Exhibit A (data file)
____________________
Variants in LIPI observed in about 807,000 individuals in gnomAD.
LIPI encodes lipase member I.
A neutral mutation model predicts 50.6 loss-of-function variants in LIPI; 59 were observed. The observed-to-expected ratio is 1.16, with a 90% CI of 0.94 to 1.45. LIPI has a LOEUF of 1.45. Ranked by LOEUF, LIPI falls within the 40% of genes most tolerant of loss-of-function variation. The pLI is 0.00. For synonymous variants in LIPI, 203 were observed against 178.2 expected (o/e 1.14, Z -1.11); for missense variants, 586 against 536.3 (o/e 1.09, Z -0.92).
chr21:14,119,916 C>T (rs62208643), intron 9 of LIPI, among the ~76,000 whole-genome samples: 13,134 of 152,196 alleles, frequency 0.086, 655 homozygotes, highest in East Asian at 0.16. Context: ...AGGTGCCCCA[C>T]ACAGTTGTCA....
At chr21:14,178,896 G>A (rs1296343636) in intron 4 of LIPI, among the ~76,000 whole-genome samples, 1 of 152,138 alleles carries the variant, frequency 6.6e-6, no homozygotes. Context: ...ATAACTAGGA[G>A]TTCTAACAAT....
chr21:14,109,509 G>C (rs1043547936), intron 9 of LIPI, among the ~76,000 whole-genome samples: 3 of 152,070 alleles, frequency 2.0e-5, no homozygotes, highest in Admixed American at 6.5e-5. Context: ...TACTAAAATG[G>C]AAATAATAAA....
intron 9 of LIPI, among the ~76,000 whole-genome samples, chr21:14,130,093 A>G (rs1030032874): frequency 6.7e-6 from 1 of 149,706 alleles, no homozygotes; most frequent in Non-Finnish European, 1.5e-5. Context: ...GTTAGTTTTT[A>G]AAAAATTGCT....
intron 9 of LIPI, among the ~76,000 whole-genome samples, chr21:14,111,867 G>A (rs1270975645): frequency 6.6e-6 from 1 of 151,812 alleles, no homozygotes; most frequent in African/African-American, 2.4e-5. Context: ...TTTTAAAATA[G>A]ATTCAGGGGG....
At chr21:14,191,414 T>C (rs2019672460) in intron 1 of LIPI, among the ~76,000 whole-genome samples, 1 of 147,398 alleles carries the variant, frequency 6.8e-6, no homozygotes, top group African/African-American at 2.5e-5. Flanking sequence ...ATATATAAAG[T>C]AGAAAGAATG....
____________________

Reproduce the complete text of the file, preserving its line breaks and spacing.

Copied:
Variants in LIPI observed in about 807,000 individuals in gnomAD.
LIPI encodes lipase member I.
A neutral mutation model predicts 50.6 loss-of-function variants in LIPI; 59 were observed. The observed-to-expected ratio is 1.16, with a 90% CI of 0.94 to 1.45. LIPI has a LOEUF of 1.45. Ranked by LOEUF, LIPI falls within the 40% of genes most tolerant of loss-of-function variation. The pLI is 0.00. For synonymous variants in LIPI, 203 were observed against 178.2 expected (o/e 1.14, Z -1.11); for missense variants, 586 against 536.3 (o/e 1.09, Z -0.92).
chr21:14,119,916 C>T (rs62208643), intron 9 of LIPI, among the ~76,000 whole-genome samples: 13,134 of 152,196 alleles, frequency 0.086, 655 homozygotes, highest in East Asian at 0.16. Context: ...AGGTGCCCCA[C>T]ACAGTTGTCA....
At chr21:14,178,896 G>A (rs1296343636) in intron 4 of LIPI, among the ~76,000 whole-genome samples, 1 of 152,138 alleles carries the variant, frequency 6.6e-6, no homozygotes. Context: ...ATAACTAGGA[G>A]TTCTAACAAT....
chr21:14,109,509 G>C (rs1043547936), intron 9 of LIPI, among the ~76,000 whole-genome samples: 3 of 152,070 alleles, frequency 2.0e-5, no homozygotes, highest in Admixed American at 6.5e-5. Context: ...TACTAAAATG[G>C]AAATAATAAA....
intron 9 of LIPI, among the ~76,000 whole-genome samples, chr21:14,130,093 A>G (rs1030032874): frequency 6.7e-6 from 1 of 149,706 alleles, no homozygotes; most frequent in Non-Finnish European, 1.5e-5. Context: ...GTTAGTTTTT[A>G]AAAAATTGCT....
intron 9 of LIPI, among the ~76,000 whole-genome samples, chr21:14,111,867 G>A (rs1270975645): frequency 6.6e-6 from 1 of 151,812 alleles, no homozygotes; most frequent in African/African-American, 2.4e-5. Context: ...TTTTAAAATA[G>A]ATTCAGGGGG....
At chr21:14,191,414 T>C (rs2019672460) in intron 1 of LIPI, among the ~76,000 whole-genome samples, 1 of 147,398 alleles carries the variant, frequency 6.8e-6, no homozygotes, top group African/African-American at 2.5e-5. Flanking sequence ...ATATATAAAG[T>C]AGAAAGAATG....